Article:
Good Budget. Bad Budget. Cutting Tradeshow Costs Strategically.
You want to cut your tradeshow program’s costs. Who doesn’t? Reducing tradeshow costs is smart business (plus it’s always good to show upper management you’ve got their back). But in our experience, sometimes the wrong things get cut from the budget. A couple of examples? An exhibitor built a big, new booth, then halved booth staffing to reduce costs, resulting in a packed booth without enough people to handle the crowd. Another broke the bank on a big digital presentation area – then, to save money, looped a tired-looking, impact-free PowerPoint on it throughout the show.
So how do you make the right call on what to cut? Here are two approaches to reducing tradeshow costs – one simple and short-term, the other longer-term and more strategic.
Short-Term Approach: Recently suggested by Exhibitor is this idea. Collect all the budget line items for your next show from all suppliers involved. Don’t forget your own internal costs. Then separate them into two lists. Those that positively impact the visitor experience. And those that are largely invisible to your audience. Then see if you can cut the latter. For instance:
- Staffer T&E: Can you cut this without making them miserable or angry?
- Shipping: Can you cut post-show shipping costs by sending and storing your exhibit closer to where it’s needed next, instead of shipping it back across the country?
- Graphics: Can you move to lower cost graphic materials without sacrificing impact?
- Renting: Is there anything you need at the show that is cheaper to rent than to build or ship – provided renting doesn’t spoil your on-floor presence?
- What You Bring: Is there anything you typically take to a show – perhaps out of habit – that doesn’t get used or add-value? This can include anything from structure, furniture and tech/equipment to literature and people.
Longer-Term: Each year, look at your overall program’s costs and identify three cost cutting strategies that you want to test in a given year. Implement them and then measure the results. And, of course, don’t forget to tell management you’re testing cost-cutting strategies. For instance:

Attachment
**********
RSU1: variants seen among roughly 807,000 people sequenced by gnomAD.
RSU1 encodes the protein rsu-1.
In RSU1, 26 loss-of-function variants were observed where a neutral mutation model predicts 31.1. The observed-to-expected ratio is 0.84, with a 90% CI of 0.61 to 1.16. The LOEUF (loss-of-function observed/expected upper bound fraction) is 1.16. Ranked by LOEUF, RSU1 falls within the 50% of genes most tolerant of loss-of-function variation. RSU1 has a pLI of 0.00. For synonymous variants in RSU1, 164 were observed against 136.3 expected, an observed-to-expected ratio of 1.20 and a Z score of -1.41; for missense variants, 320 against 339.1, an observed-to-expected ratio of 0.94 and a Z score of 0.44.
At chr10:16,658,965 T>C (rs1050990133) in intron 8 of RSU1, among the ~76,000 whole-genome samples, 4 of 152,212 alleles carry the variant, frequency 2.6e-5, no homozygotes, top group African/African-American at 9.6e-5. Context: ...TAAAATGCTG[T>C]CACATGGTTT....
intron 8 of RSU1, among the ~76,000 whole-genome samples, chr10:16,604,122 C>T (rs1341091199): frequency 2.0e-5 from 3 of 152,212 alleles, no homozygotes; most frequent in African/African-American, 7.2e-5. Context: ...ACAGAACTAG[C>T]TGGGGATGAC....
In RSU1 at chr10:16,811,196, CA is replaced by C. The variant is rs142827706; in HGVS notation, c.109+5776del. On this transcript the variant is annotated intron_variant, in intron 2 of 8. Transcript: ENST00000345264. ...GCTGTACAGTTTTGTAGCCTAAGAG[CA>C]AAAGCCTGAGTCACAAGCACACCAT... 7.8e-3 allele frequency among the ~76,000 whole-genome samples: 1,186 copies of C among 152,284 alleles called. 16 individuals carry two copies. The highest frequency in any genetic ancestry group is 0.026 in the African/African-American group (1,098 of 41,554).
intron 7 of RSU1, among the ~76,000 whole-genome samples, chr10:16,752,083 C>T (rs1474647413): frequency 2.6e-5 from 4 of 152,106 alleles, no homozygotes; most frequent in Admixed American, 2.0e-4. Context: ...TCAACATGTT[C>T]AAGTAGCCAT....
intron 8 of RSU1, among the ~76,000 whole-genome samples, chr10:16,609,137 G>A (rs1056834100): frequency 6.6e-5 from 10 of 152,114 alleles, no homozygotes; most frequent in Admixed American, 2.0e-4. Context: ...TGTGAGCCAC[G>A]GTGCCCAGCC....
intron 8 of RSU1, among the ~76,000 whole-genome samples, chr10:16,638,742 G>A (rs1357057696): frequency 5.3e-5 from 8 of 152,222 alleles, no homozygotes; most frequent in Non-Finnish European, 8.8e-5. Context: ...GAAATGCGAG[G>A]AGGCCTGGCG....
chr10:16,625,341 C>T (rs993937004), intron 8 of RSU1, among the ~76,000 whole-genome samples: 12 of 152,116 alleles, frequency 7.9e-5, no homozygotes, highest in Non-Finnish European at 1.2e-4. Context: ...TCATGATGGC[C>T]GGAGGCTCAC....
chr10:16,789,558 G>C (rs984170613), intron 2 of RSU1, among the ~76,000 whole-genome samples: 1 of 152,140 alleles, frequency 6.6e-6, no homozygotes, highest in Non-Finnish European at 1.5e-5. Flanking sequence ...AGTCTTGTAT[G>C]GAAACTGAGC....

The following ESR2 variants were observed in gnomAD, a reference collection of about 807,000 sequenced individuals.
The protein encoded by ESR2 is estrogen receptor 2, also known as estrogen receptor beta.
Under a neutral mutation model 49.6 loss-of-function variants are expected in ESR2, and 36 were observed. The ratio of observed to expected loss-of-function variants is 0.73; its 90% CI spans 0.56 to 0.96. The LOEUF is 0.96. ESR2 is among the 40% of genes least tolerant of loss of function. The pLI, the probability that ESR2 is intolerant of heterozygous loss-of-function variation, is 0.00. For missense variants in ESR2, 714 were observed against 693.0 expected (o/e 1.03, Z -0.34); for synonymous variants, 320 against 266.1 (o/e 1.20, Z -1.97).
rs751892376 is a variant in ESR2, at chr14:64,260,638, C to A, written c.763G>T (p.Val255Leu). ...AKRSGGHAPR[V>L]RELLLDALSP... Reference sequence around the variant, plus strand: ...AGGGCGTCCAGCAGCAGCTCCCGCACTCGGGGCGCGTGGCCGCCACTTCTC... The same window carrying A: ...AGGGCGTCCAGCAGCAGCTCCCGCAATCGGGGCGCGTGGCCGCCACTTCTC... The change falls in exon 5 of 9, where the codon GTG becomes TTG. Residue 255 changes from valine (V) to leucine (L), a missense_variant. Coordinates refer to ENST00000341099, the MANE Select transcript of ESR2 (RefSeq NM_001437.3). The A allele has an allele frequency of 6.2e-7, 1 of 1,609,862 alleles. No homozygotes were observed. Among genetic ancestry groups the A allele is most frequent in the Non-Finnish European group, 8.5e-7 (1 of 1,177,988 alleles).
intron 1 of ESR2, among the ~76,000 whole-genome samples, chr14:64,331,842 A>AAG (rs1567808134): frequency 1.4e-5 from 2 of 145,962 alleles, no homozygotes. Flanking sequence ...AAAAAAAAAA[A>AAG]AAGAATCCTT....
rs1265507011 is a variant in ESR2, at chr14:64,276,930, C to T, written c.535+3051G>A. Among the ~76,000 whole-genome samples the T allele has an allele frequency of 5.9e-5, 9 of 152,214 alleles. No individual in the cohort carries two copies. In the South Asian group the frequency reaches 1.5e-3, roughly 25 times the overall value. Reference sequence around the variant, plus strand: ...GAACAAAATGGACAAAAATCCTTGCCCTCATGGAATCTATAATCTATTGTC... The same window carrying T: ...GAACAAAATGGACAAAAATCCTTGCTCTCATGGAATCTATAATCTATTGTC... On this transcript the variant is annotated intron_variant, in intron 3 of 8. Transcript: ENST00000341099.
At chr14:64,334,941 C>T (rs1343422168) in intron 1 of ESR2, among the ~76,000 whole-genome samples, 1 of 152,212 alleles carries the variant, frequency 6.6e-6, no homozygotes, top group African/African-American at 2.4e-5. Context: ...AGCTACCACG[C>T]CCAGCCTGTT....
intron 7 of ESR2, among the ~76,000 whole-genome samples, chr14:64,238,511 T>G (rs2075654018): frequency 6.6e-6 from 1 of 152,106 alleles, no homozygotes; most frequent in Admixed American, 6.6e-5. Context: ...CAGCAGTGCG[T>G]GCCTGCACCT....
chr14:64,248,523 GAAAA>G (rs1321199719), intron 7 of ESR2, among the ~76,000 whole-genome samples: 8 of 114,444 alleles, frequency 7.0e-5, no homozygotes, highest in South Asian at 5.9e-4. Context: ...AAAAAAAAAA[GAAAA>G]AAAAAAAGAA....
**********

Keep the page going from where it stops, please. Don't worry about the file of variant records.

- Set a goal to make the majority of the tradeshow graphics you print reusable across the year, rather than show-specific (e.g., leave off show name and booth number). Or propose a plan to move to largely digital messaging instead of printing.
- Try reducing rigging costs for lighting your exhibit by building lighting into the structure
- Experiment with planning shows further in advance – including sticking to the decision and approval timeline you get from your exhibit house. Hard as this is for some companies, there are many ways this can save money (e.g., getting show services discounts, avoiding rush shipping). It can also help increase the chances that you get just what you want without making compromises.
- TCO or “total cost of ownership”: When building any new structure, challenge your designers to find ways to make it cheaper to own and operate over time (e.g., storage,drayage, shipping, refurbing and more) while at the same time increasing its effective life-span – say from 3 years to 5. See what they come up with.
And if you need help with any ideas on how to reduce your tradeshow costs strategically, or how to implement them, Art Guild is always happy to help.